SLocker Decompiled Code Leaked On GitHub

The decompiled code for SLocker has been leaked on the public board GitHub. This event could lead to a dominoes effect, considering the history of the virus. SLocker is one of the most popular Android ransomware. The leak gives people the chance to create their own version of the infection.

Malware developers have already produced multiple versions of the ransomware. The breakdown of the program’s code makes it that much easier to manufacture custom builds. Security analysts are expecting a wave of new versions of SLocker to attack Android systems in the coming months.

The leak was published by a GitHub user who goes by the alias fs0c1ety. He posted the information and invited people to contribute to the code and submit bug reports.

The SLocker family is one of the oldest mobile lock screen and file-encrypting ransomware and used to impersonate law enforcement agencies to convince victims to pay their ransom,” reads the original post by fs0c1ety.

All contributions are welcome, from code to documentation to design suggestions to bug reports. Please use GitHub to its fullest- contribute Pull Requests, contribute tutorials or other wiki content- whatever you have to offer, we can use it!

SLocker, a.k.a. Simple Locker, is one of the oldest mobile ransomware. It is the first to encrypt files stored on Android devices. Its other capability is to lock the screen. SLocker was first spotted in 2015. It infected thousands of devices during 2016.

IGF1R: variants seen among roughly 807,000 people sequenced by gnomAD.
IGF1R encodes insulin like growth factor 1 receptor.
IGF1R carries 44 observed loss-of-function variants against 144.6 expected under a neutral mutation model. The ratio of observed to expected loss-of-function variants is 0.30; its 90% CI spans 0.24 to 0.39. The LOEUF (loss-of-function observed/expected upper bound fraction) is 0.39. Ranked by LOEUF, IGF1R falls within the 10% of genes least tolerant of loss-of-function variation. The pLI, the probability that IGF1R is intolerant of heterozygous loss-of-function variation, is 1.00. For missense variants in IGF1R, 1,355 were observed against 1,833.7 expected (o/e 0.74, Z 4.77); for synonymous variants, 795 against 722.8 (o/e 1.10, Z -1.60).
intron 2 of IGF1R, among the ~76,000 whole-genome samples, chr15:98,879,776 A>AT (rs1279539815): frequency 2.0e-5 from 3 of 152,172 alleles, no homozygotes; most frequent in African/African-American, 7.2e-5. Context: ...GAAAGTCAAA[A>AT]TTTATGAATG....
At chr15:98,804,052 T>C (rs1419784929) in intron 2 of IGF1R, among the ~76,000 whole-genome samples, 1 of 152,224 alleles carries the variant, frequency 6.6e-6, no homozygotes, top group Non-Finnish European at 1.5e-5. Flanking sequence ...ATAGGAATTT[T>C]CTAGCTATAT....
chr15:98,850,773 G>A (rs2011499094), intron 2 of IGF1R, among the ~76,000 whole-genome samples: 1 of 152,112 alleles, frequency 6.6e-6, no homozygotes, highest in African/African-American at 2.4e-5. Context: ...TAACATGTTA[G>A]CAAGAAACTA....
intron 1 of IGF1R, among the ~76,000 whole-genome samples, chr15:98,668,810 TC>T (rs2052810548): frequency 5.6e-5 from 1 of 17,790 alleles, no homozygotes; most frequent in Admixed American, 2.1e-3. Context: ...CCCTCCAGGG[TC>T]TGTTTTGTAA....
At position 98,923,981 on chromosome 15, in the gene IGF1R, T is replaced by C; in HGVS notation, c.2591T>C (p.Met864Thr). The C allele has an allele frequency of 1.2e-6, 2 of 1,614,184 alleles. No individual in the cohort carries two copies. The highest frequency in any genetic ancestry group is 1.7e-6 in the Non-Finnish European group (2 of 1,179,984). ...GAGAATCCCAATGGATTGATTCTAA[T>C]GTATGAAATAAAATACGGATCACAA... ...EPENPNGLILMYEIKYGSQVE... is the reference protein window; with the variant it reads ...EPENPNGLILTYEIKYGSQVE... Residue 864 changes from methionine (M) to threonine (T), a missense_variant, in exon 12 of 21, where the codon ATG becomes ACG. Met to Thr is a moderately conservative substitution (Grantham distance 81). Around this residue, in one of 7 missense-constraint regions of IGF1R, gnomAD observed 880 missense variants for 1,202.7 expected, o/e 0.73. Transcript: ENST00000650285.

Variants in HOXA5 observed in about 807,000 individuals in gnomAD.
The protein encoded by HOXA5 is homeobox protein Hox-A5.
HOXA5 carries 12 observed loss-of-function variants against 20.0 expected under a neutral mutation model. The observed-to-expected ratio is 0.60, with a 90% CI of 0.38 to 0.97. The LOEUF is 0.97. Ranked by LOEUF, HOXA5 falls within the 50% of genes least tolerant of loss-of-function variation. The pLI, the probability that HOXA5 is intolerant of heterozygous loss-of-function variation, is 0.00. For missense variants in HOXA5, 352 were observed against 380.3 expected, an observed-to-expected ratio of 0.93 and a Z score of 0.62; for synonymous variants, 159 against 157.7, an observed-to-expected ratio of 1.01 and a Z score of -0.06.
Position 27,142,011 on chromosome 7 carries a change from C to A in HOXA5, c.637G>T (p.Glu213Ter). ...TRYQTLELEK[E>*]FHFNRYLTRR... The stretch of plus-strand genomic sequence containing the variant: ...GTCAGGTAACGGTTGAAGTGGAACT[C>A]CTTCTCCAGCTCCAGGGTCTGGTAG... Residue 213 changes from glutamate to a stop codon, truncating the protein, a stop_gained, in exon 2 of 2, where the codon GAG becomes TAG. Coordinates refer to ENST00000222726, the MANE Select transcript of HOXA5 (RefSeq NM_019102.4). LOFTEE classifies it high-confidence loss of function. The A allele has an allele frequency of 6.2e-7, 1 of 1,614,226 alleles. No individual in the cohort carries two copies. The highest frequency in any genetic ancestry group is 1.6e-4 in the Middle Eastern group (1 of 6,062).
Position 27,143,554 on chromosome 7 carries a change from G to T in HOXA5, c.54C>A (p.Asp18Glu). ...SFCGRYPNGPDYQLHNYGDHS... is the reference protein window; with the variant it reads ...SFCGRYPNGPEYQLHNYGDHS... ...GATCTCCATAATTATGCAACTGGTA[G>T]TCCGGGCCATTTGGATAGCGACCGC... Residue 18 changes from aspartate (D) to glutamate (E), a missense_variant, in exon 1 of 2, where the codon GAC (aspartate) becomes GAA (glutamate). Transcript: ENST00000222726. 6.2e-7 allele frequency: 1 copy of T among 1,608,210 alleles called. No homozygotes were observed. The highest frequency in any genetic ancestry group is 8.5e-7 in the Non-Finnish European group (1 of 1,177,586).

Multiple fraud artists have devised their own version of the program. According to researchers, over 400 new versions of the program have appeared in May of this year. Experts from Trend Micro have discovered a variant which mimics the WannaCry GUI.

This particular SLocker variant is notable for being an Android file-encrypting ransomware, and the first mobile ransomware to capitalize on the success of the previous WannaCry outbreak,” reads Trend Micro’s analysis.

Upon penetrating an Android device, SLocker starts encrypting files through a background process. It targets images, videos, documents, apps, and all other data storage files.

The other function of the virus is to hijack the system, making it impossible for people to access their mobile phone.

Now that the program’s decompiled code has been leaked, malware experts are expecting an outbreak of new builds to hit Android mobile devices.

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